Enjoy This Lightning Round of Benjamin Franklin Trivia

It's June 10th, largely recognized as the anniversary of the day Benjamin Franklin flew a kite in a lightning storm and demonstrated the electrical nature of lightning.  Test yourself with this lightning round of Benjamin Franklin trivia.


What Are Some of the Electrical Terms Franklin Invented? # When conducting his research, experiments, and general pontificating on lightning and electricity, Franklin was entering into some pretty uncharted territory. In fact, it was so uncharted that he had to invent his own words just to describe what the heck was going on. In a letter to a friend, he once wrote "I feel a Want of Terms here and doubt much whether I shall be able to make this intelligible." Many believe he invented in the neighborhood of 25 words including battery, charge, conductor, and electrician. He also is believed to be the first to apply the terms plus, minus, positive and negative to this field.

What Musical Instrument Did Franklin Invent? # Franklin wearing his fur cap. The French thought he was a genius of the New World, just on the rustic side. He invented the glass armonica around 1761. It was so popular that Beethoven and Mozart composed music to be played on it. Franklin hired a glassmaker to produce the instrument, which was composed of 37 glass hemispheres with a rod running through a hole positioned at the top of each hemisphere to hold them all together. Each was marked with a different color to mark the notes. A foot treadle made the instrument rotate, and it was played by passing the fingers over the glass hemispheres.

The instrument became so popular that thousands were sold. Even Marie Antoinette bought one and took lessons to learn to play it. Although the glass armonica fell out of favor for a long time, its popularity is rising again. The instrument was used in the score of the Game of Thrones finale in Season Six. In addition to his invention, Franklin also played the viola de gamba, harp, violin, whistle and guitar.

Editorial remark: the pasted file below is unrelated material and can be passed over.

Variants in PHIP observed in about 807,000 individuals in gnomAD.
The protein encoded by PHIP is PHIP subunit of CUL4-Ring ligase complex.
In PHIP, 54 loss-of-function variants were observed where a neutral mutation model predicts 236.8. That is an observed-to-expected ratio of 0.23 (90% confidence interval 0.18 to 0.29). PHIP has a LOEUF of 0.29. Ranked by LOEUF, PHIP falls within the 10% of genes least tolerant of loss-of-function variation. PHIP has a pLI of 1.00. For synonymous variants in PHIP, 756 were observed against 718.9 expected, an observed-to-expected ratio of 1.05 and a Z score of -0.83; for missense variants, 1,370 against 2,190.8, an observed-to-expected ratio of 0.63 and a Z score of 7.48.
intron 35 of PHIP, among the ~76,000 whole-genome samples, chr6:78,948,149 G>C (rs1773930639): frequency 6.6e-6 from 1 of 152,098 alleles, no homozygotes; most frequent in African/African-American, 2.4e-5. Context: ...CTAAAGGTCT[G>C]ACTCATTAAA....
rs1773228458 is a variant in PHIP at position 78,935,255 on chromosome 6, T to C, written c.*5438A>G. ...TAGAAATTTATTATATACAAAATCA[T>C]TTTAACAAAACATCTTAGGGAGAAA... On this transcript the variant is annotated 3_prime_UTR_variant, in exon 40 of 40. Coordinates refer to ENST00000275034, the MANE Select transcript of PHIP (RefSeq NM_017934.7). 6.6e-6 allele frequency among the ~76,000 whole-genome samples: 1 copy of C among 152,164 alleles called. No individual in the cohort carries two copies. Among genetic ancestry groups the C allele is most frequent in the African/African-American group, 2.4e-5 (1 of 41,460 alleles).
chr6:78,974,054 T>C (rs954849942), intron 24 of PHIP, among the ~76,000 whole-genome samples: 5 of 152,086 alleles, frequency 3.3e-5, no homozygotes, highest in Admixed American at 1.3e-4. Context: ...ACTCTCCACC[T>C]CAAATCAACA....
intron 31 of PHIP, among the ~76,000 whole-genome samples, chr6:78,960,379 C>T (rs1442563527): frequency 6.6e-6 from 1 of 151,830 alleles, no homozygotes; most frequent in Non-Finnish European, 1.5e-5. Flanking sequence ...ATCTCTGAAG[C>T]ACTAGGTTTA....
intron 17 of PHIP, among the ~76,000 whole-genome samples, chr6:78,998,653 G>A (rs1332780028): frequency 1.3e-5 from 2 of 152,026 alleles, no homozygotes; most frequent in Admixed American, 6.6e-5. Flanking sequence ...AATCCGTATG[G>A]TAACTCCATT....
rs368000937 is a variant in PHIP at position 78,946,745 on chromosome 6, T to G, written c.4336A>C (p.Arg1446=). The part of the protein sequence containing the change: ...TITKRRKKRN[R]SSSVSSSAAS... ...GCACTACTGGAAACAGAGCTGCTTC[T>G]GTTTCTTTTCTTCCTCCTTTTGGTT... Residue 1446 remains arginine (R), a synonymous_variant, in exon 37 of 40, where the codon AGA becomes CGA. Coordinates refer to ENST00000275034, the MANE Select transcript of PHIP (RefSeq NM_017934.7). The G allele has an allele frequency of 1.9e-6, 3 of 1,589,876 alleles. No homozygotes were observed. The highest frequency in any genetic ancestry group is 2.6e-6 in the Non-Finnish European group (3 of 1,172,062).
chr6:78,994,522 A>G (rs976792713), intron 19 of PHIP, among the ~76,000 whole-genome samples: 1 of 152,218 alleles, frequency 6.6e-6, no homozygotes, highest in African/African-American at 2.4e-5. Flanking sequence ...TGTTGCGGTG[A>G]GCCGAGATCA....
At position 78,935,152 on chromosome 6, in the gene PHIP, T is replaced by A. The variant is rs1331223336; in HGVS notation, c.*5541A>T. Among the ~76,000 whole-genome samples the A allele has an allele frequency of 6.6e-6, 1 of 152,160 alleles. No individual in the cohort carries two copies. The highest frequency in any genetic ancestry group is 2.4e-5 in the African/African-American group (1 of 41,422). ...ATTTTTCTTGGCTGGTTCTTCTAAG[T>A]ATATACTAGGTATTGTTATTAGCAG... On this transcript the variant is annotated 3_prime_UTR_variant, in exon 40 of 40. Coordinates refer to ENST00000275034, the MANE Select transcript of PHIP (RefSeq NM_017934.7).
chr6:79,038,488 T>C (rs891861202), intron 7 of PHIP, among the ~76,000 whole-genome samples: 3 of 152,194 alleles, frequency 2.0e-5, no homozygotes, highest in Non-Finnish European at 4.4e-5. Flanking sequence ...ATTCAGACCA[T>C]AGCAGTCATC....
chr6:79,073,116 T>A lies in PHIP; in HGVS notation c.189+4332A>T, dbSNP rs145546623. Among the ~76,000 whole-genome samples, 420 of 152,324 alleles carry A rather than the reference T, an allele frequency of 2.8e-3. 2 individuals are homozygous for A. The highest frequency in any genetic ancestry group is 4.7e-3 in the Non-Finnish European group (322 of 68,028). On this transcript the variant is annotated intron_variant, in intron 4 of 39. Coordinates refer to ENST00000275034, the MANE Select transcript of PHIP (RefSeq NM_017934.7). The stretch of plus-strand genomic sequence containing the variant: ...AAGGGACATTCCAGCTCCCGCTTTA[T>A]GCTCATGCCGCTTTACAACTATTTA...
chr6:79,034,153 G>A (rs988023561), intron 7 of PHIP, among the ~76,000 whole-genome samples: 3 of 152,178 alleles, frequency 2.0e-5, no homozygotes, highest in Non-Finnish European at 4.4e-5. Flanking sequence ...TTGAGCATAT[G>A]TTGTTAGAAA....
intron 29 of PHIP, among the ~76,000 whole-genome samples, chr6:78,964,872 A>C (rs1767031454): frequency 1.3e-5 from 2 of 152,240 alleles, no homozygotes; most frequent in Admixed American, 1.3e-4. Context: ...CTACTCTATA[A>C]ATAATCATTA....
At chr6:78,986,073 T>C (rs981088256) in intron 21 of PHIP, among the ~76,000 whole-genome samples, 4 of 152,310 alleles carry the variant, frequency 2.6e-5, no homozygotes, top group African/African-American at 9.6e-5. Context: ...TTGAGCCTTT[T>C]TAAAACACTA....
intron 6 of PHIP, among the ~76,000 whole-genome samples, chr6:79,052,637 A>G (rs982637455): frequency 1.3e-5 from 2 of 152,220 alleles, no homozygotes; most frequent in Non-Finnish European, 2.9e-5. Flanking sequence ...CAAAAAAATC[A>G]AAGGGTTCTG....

What Other Things Did Franklin Invent? # Benjamin Franklin was always concerned with fires, even setting up what is believed to be the first volunteer fire company in 1736 and penning a number of articles on fire prevention. And lightning was one of the biggest fire culprits of the time. So Franklin invented the lightning rod which would attract the bolt of lightning and then send its charge directly to the ground, thus avoiding people's homes and the homes' inhabitants. He called this his most important invention.  The lightning rod is pretty impressive we guess, but all Ben Franklin aficionados know that the guy invented about 800 other things too.   He invented bifocals because he needed them. Because of this invention, people started wearing bifocals in the 1780s.  He also invented the Franklin stove. Until his invention, people only warmed their homes by using a fireplace.  He was 11 years old when he invented the first version of swim fins, worn on the hands. In 1968, he was inducted into the International Swimming Hall of Fame for this invention. In the medical field, he invented the flexible tube catheter because an older brother of his suffered from kidney disease. His lifelong curiosity also led to the invention of the first odometer, which could be attached to the wheels of a carriage to determine the distance it traveled.

Did Franklin Invent Daylight Saving Time? # Yes, Franklin really did fly a kite during a thunderstorm. He wasn't stupid though. He stood under shelter and took appropriate steps to ground himself, so he wouldn't get electrocuted. Not really but he certainly suggested it. Franklin had written a letter in 1784 to the Journal of Paris, reportedly making fun of Paris society for sleeping in late during the day and staying up all hours of the night. In his letter, he suggested that families in Paris could save an enormous amount of money spent for tallow and candles by getting up at an earlier hour. In World War I, Daylight Saving Time was introduced in the countries of Germany and Austria in 1916, followed by Great Britain and the United States. The aim was to save money and lower fuel consumption, just as Franklin suggested.

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